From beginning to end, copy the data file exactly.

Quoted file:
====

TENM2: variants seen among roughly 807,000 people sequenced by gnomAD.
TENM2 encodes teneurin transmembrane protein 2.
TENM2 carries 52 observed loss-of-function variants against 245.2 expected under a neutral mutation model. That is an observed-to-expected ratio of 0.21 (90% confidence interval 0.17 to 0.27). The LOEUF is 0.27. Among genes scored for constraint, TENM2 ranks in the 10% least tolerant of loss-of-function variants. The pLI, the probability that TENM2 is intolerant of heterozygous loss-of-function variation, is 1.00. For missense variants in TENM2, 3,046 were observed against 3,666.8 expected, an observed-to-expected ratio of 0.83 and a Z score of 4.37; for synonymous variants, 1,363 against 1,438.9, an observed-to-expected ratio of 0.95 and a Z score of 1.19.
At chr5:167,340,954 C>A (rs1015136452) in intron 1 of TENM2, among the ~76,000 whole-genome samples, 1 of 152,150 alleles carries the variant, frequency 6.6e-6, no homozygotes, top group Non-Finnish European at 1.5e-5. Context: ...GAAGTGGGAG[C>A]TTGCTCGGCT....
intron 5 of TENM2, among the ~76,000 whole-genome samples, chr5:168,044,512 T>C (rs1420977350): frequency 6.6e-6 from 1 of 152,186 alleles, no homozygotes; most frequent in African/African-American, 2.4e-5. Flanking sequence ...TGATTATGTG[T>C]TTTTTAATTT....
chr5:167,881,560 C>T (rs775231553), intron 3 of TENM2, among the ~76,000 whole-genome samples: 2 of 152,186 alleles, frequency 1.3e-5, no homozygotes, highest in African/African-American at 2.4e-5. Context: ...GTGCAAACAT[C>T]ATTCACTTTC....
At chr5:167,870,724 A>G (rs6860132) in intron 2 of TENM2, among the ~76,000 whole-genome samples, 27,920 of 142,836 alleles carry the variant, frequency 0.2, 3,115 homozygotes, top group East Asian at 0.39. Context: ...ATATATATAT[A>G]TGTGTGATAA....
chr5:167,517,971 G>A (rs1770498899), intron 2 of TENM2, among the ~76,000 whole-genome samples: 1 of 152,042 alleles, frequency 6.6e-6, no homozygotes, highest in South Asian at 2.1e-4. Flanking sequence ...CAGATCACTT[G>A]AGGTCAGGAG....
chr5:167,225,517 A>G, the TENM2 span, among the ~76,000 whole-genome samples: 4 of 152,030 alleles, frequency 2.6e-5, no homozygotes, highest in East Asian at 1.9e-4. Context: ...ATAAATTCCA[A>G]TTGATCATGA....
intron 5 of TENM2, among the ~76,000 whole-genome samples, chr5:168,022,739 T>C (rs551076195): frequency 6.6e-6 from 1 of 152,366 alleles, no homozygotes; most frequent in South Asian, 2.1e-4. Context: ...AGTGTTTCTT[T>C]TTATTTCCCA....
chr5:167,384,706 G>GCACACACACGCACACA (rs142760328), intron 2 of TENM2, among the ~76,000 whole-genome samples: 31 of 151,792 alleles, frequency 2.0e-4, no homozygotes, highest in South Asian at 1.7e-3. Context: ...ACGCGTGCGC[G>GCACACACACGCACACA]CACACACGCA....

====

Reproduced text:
TENM2: variants seen among roughly 807,000 people sequenced by gnomAD.
TENM2 encodes teneurin transmembrane protein 2.
TENM2 carries 52 observed loss-of-function variants against 245.2 expected under a neutral mutation model. That is an observed-to-expected ratio of 0.21 (90% confidence interval 0.17 to 0.27). The LOEUF is 0.27. Among genes scored for constraint, TENM2 ranks in the 10% least tolerant of loss-of-function variants. The pLI, the probability that TENM2 is intolerant of heterozygous loss-of-function variation, is 1.00. For missense variants in TENM2, 3,046 were observed against 3,666.8 expected, an observed-to-expected ratio of 0.83 and a Z score of 4.37; for synonymous variants, 1,363 against 1,438.9, an observed-to-expected ratio of 0.95 and a Z score of 1.19.
At chr5:167,340,954 C>A (rs1015136452) in intron 1 of TENM2, among the ~76,000 whole-genome samples, 1 of 152,150 alleles carries the variant, frequency 6.6e-6, no homozygotes, top group Non-Finnish European at 1.5e-5. Context: ...GAAGTGGGAG[C>A]TTGCTCGGCT....
intron 5 of TENM2, among the ~76,000 whole-genome samples, chr5:168,044,512 T>C (rs1420977350): frequency 6.6e-6 from 1 of 152,186 alleles, no homozygotes; most frequent in African/African-American, 2.4e-5. Flanking sequence ...TGATTATGTG[T>C]TTTTTAATTT....
chr5:167,881,560 C>T (rs775231553), intron 3 of TENM2, among the ~76,000 whole-genome samples: 2 of 152,186 alleles, frequency 1.3e-5, no homozygotes, highest in African/African-American at 2.4e-5. Context: ...GTGCAAACAT[C>T]ATTCACTTTC....
At chr5:167,870,724 A>G (rs6860132) in intron 2 of TENM2, among the ~76,000 whole-genome samples, 27,920 of 142,836 alleles carry the variant, frequency 0.2, 3,115 homozygotes, top group East Asian at 0.39. Context: ...ATATATATAT[A>G]TGTGTGATAA....
chr5:167,517,971 G>A (rs1770498899), intron 2 of TENM2, among the ~76,000 whole-genome samples: 1 of 152,042 alleles, frequency 6.6e-6, no homozygotes, highest in South Asian at 2.1e-4. Flanking sequence ...CAGATCACTT[G>A]AGGTCAGGAG....
chr5:167,225,517 A>G, the TENM2 span, among the ~76,000 whole-genome samples: 4 of 152,030 alleles, frequency 2.6e-5, no homozygotes, highest in East Asian at 1.9e-4. Context: ...ATAAATTCCA[A>G]TTGATCATGA....
intron 5 of TENM2, among the ~76,000 whole-genome samples, chr5:168,022,739 T>C (rs551076195): frequency 6.6e-6 from 1 of 152,366 alleles, no homozygotes; most frequent in South Asian, 2.1e-4. Context: ...AGTGTTTCTT[T>C]TTATTTCCCA....
chr5:167,384,706 G>GCACACACACGCACACA (rs142760328), intron 2 of TENM2, among the ~76,000 whole-genome samples: 31 of 151,792 alleles, frequency 2.0e-4, no homozygotes, highest in South Asian at 1.7e-3. Context: ...ACGCGTGCGC[G>GCACACACACGCACACA]CACACACGCA....